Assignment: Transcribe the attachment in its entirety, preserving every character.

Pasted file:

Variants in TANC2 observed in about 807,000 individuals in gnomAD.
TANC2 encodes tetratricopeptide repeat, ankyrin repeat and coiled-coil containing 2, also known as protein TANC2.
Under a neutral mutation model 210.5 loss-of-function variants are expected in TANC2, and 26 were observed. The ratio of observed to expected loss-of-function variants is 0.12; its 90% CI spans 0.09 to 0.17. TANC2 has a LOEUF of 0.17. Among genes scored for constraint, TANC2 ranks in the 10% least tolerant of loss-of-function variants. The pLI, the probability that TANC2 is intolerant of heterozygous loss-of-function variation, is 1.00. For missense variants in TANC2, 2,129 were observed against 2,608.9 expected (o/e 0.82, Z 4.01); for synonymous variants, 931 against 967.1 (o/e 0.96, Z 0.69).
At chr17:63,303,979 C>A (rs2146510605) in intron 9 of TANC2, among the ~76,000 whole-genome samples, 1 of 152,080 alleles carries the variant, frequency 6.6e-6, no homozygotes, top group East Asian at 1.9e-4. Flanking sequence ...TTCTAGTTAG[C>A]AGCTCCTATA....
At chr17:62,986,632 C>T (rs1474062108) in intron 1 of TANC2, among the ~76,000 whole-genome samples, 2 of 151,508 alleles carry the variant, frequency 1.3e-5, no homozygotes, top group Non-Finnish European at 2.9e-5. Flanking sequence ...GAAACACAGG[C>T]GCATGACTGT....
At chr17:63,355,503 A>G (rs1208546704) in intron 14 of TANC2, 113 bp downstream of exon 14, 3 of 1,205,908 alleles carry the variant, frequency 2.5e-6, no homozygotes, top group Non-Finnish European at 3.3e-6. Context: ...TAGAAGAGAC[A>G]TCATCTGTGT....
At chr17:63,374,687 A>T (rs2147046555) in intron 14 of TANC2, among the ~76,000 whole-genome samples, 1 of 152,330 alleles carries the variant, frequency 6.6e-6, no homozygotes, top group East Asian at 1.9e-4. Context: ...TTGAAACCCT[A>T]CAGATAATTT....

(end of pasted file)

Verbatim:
Variants in TANC2 observed in about 807,000 individuals in gnomAD.
TANC2 encodes tetratricopeptide repeat, ankyrin repeat and coiled-coil containing 2, also known as protein TANC2.
Under a neutral mutation model 210.5 loss-of-function variants are expected in TANC2, and 26 were observed. The ratio of observed to expected loss-of-function variants is 0.12; its 90% CI spans 0.09 to 0.17. TANC2 has a LOEUF of 0.17. Among genes scored for constraint, TANC2 ranks in the 10% least tolerant of loss-of-function variants. The pLI, the probability that TANC2 is intolerant of heterozygous loss-of-function variation, is 1.00. For missense variants in TANC2, 2,129 were observed against 2,608.9 expected (o/e 0.82, Z 4.01); for synonymous variants, 931 against 967.1 (o/e 0.96, Z 0.69).
At chr17:63,303,979 C>A (rs2146510605) in intron 9 of TANC2, among the ~76,000 whole-genome samples, 1 of 152,080 alleles carries the variant, frequency 6.6e-6, no homozygotes, top group East Asian at 1.9e-4. Flanking sequence ...TTCTAGTTAG[C>A]AGCTCCTATA....
At chr17:62,986,632 C>T (rs1474062108) in intron 1 of TANC2, among the ~76,000 whole-genome samples, 2 of 151,508 alleles carry the variant, frequency 1.3e-5, no homozygotes, top group Non-Finnish European at 2.9e-5. Flanking sequence ...GAAACACAGG[C>T]GCATGACTGT....
At chr17:63,355,503 A>G (rs1208546704) in intron 14 of TANC2, 113 bp downstream of exon 14, 3 of 1,205,908 alleles carry the variant, frequency 2.5e-6, no homozygotes, top group Non-Finnish European at 3.3e-6. Context: ...TAGAAGAGAC[A>G]TCATCTGTGT....
At chr17:63,374,687 A>T (rs2147046555) in intron 14 of TANC2, among the ~76,000 whole-genome samples, 1 of 152,330 alleles carries the variant, frequency 6.6e-6, no homozygotes, top group East Asian at 1.9e-4. Context: ...TTGAAACCCT[A>T]CAGATAATTT....